Matt Shakman was trying to get his four-year-old daughter dressed on the morning of July 28, when his phone started pinging with notifications that he was nominated for an Emmy.

“My daughter was yelling at me saying ‘Daddy, pay attention to me,’ and I told her ‘I just got nominated for this really cool award,’ and she’s like, ‘I don’t care!’” Shakman says with a laugh. “And that was, of course, the best lesson in life.”

The veteran theater and TV director earned a directing nomination for his work on the pilot of Hulu’s The Great, Tony McNamara’s wild, satirical romp through the 18th century court of Russia’s Emperor Peter (Nicholas Hoult) and his new wife, the Empress Catherine (Elle Fanning). As the 10-episode series weaves together comedy, drama, absurdity and the macabre, nailing the complexity lay mostly in the hands of Shakman, who had to set the tone clearly in the pilot for later directors to follow.

The first thing, Shakman says, was to cast the right actors. “We needed actors who were willing to be incredibly playful because I think one of the things that I learned over the years working on shows that play with tone like this, like Fargo or Succession, you need to give yourself options,” he explains.

Shakman and McNamara both returned to their theater roots (Shakman is the artistic director of Los Angeles’ Geffen Playhouse), and surrounded Fanning and Hoult with an ensemble drawn from the stage world, including Adam Godley (Archbishop), Douglas Hodge (Velementov), Charity Wakefield (Georgina) and Phoebe Fox (Marial).

He then brought the cast together to rehearse as if they were staging a play, workshopping the script together so that “we could all feel like we were talking about tone in the same way and we were all approaching the world in the same way.”

Finding that careful balance between the full spectrum of genres is something that Shakman has carved a career of doing, from helming plays on stage to directing shows that are anchored in irreverence or dark humor or sci-fi fantasy or gritty drama – his work includes episodes of It’s Always Sunny in Philadelphia, Game of Thrones, Fargo and Succession.

The next thing was to make the show visually represent the irreverent style that McNamara brought in his reimagining of Catherine the Great’s legacy.

“I really wanted to give it a contemporary energy without feeling chronistic,” Shakman says. Part of that was the way that they chose to use the period costumes on the show, using historically accurate clothing but changing the way they were worn to be more contemporary. “The chaotic leader wears what he wants to wear so the people in his circle can do what they want, so we were constantly pulling layers of clothes off people, making things messy, things are always broken and thrown around. It was about creating that sense of imagining living in that place, even though it’s lit by candles and photographed in a historical manner and everything is done as you expect for a period show, but we tried to give it that contemporary energy.”

Once we enter the court of Peter, we quickly see the shenanigans of the unruly, petulant Emperor through the raucous welcome banquet for Catherine, and the fiery tempers and passions of his inner circle.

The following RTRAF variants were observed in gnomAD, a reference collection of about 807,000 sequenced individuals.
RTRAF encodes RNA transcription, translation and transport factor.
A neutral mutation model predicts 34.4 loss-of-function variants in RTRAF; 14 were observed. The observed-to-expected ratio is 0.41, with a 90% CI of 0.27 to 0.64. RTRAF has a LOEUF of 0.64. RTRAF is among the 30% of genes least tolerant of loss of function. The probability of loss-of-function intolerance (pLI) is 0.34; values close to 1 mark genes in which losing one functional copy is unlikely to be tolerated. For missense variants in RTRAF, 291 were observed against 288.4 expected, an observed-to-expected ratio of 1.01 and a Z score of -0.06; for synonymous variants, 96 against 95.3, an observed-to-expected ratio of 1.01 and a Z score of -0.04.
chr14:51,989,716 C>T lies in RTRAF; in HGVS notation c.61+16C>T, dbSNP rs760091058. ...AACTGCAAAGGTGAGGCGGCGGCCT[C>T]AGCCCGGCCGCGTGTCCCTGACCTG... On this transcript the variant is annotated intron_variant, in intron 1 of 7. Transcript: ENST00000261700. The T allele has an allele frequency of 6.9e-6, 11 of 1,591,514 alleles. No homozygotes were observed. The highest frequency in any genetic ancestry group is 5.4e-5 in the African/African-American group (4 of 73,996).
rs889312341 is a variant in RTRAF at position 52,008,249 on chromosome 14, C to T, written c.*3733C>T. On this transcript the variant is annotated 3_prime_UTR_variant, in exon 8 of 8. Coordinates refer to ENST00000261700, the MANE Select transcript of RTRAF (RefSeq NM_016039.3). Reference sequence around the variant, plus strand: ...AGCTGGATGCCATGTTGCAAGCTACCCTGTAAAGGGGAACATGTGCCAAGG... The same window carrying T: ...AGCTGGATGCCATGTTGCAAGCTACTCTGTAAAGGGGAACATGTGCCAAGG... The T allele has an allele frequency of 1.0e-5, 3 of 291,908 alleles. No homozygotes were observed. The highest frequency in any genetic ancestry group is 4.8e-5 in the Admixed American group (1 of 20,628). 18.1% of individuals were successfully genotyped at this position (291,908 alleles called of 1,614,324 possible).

“It’s ridiculous with the bear and everyone throwing glass after glass, we just went through so many breakaway glasses in that scene, but I also wanted to sell the richness of that court. Here, Catherine is coming into a whole new world, her eyes are wide open at the excitement of becoming an Empress, and then slowly realizing that it’s not quite what she thinks,” Shakman says. He credits the work of his director of photography, Anette Haellmigk, for bringing out the luxury of that setting; “the beautiful gold candlelit is really something.”

It was also an important sequence to set the tone for Peter’s leadership style, which Shakman compared to a Mick Jagger-esque rockstar. To really harness that tone, he and McNamara worked closely with Hoult, whom the director said is “equally adept at comedy and drama,” to find that balance of Peter’s horrific and careless antics and yet making him affable.

“He had to be equal parts wounded child, this guy who has serious parent issues … who needs to be approved of, and the root of all of his anger moments comes from not feeling loved and not feeling approved of,” Shakman explains.

“He thinks he’s living the perfect life and making everyone else’s life better, and that’s part of his charm, he’s breaking down the formality of this life at court and he thinks everyone is incredibly grateful for that.”

McNamara’s world of The Great is richly detailed with complex characters, chaotic situations and a frenetic pace. Shakman wanted to make sure we experience it all through the eyes of the show’s protagonist.

“It’s all about establishing who Catherine is,” he explains. “In the beginning [of the pilot], she’s so full of hope and optimistic, and I wanted it to be her story and I wanted everyone to know we’re watching it through her eyes, so there’s that camera locked on the swing, locked on her face.”

But by the end of the pilot, Shakman knew he needed to get Catherine into a much darker place, in order for Catherine to be pitted against Peter and to set the stakes of survival for her.

“We had to slowly strip away that innocence and hope so that we can get to the end of the episode so that she’s at her rock bottom and considering suicide and she decides to throw that knife in the bucket and look up and the camera again is looking right at her face and she’s looking right at us, right into the lens and she takes Peter’s word and says ‘Huzzah’ and we know she’s now going to take what she’s learned and she’s going to own this kingdom in her own way.”